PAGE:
Nov 24, 2008 When a corporation responds with silence to a racial slur
Image from NASA’s website.
As Johnny Cash sang, “bad news travels like wildfire, good news travels slow .”
The Journeys shoe retailer apparently disagrees with Mr. Cash’s sage lyrics; or else has weak, incompetent, or non-existent public relations advisors; or else discovered that the following problem arose in higher corporate echelons than as merely an aberration at just one retail store unit. It seems beyond dispute that on October 17, 2008, at Journeys’ store number 1166 in Overland Park, Kansas, an African-American man returned a pair of athletic shoes to Journeys for a refund after having found a better price, only to then receive, along with his refund, a return receipt saying “DUMB N—-R” under the section for “CUST”. The newscast on this incident is here, and the printed story is here.
Over a month after this incident, the video of the event was forwarded this past Friday to a national trial lawyers email listserv that I am on. Not knowing anything else about the matter at that time, I visited Journeys’ website only to find absolute silence there on the matter. Consequently, this past Friday, I sent the following online message to Journeys: “To Journeys- I would have thought that your website would have had an immediate explanation for the “dumb N—-r” receipt referenced in this story: ” On November 23, I received the following canned reply from Journeys’ owner Genesco (including the quotation marks, for inexplicable reasons):
From: Journeys Product [mailto:JourneysProduct@genesco.com] Sent: Sunday, November 23, 2008 2:46 PM To: firstname.lastname@example.org Subject: Re: Journeys User Comments
“While we are continuing to investigate this incident, it now appears that an employee in one of our stores entered highly inappropriate statements in a form used to process a merchandise return. Needless to say, such an act was not authorized by Journeys, and will not be tolerated. This employee has been terminated. At Journeys, we pride ourselves on valuing and respecting every customer. We are shocked and sickened that a former associate could be responsible for an act so out of keeping with our culture and our values. We profoundly regret this incident.”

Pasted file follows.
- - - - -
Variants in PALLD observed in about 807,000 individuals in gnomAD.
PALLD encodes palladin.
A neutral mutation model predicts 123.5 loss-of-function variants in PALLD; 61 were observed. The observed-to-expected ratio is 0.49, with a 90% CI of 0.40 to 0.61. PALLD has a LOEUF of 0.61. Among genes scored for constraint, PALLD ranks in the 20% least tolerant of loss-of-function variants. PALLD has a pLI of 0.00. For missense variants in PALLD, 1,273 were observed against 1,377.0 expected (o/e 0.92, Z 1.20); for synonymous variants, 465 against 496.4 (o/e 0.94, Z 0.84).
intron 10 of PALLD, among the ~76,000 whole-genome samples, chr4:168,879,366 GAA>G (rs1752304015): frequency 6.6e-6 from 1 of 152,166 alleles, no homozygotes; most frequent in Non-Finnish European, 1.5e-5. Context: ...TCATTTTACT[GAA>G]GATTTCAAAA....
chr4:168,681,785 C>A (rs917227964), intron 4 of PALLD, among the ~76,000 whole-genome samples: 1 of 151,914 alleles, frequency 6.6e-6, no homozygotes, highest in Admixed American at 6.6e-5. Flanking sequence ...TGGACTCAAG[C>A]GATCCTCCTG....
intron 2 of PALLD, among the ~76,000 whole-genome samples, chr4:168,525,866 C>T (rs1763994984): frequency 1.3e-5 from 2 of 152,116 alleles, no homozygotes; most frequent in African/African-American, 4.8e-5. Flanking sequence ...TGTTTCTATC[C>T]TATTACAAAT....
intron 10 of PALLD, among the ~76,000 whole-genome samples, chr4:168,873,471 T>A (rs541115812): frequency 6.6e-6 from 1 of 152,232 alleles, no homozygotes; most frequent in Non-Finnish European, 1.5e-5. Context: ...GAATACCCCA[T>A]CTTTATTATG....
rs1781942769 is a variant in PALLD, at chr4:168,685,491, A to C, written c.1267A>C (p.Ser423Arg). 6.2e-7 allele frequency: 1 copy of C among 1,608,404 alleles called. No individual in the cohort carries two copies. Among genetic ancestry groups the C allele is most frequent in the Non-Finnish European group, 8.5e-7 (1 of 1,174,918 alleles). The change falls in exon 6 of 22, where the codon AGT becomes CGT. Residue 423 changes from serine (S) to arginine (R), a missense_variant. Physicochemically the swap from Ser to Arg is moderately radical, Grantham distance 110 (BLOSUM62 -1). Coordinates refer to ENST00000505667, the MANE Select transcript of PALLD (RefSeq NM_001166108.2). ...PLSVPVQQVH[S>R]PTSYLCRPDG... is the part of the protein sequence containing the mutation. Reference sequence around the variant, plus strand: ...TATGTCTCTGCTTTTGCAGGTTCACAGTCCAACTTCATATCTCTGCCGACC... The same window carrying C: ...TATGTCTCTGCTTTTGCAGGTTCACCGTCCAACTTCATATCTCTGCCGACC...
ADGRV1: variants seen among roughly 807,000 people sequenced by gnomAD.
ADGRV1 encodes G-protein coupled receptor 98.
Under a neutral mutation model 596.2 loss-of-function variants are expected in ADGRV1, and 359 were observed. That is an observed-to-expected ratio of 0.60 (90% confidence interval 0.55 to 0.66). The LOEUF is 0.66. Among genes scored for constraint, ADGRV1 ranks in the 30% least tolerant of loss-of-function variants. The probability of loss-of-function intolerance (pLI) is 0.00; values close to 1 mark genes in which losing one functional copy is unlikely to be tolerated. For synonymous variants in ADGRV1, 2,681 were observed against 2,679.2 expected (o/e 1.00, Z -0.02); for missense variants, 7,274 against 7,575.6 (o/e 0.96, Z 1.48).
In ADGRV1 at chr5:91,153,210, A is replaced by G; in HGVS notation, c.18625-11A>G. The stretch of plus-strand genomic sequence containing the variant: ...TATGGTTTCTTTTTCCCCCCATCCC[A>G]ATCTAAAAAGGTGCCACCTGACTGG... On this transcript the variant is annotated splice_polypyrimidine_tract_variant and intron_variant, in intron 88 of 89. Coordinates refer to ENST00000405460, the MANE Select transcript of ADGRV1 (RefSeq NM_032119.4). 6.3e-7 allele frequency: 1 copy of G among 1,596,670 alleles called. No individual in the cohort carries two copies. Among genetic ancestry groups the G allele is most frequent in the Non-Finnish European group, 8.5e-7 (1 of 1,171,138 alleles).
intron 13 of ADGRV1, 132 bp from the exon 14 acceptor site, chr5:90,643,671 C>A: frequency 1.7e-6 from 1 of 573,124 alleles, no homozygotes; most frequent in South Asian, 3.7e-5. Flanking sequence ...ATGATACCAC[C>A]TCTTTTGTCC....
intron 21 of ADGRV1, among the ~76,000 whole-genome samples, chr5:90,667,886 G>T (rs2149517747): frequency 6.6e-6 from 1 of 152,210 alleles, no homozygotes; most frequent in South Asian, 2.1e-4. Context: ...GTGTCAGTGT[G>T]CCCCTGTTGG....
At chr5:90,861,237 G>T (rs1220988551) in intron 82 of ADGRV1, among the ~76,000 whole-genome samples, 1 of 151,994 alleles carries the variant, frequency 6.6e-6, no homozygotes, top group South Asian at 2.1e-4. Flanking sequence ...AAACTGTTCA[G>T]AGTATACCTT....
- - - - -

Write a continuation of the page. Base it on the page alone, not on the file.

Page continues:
Who is handling Journeys’ public relations? Elmer Fudd? Who else could be the company’s public relations people when the foregoing email reply parrots back the very same statement issued by Genesco over thirty days ago? At least ABC news online last month reported that the customer’s mother “said they have gotten apologies from both the store’s company and the mall managers. She also said that she knew of no other similar incidents but that she believes that most people never look at their receipts.”
Apologies are easy to make. It takes more effort to explain how the snafu was not prevented in the first place, why the snafu completely violates the company’s core values and training (or else why the company waited until now to fix the problem) implement effective safeguards for such incidents not to be repeated and to let the public know of those safeguards.
Have Genesco’s lawyers mis-advised the company to remain silent on the matter beyond the foregoing by-now tired and rather empty written statement? That would sound like bad advice. The cat is out of the bag, and the company’s ongoing silence is not going to re-bag the cat.
If Journeys is not going to try to get a handle on the story, the blogosphere has already stepped into the fray with a slew of blogposts on the scandal.
Never underestimate the influence of the blogosphere.
ADDENDUM: November 25, 2008. Did intention, inattention, poor judgment or a combination of the three lead Journeys’ owner Genesco to bury its online apology on this matter? Journeys’ website remains silent on the matter. Owner Genesco nested an apology into its media links, rather than including the matter on the news section of its frontpage or anywhere else in its front webpage. At least Genesco goes into further explanatory detail than the above-listed lame corporate statement.
The online apology says that, previous to this incident, an employee bypassed the company’s computerized refund system by inputting a fictitious phone number and the racial slur. Genesco asserts said employee was terminated on other grounds before the current incident. The receipt that led to the above-described Internet onslaught, says Genesco, was generated by a different employee who input a ficititious phone number to generate the refund, thus automatically having the slur reprinted; that employee, says Genesco, was terminated for bypassing the company’s refund rules.
Genesco claims it is working technologically to prevent employees from bypassing the computer system. However, technology does not teach racial sensitivity. At best, technology can only foreclose a technological route to communicate racist views.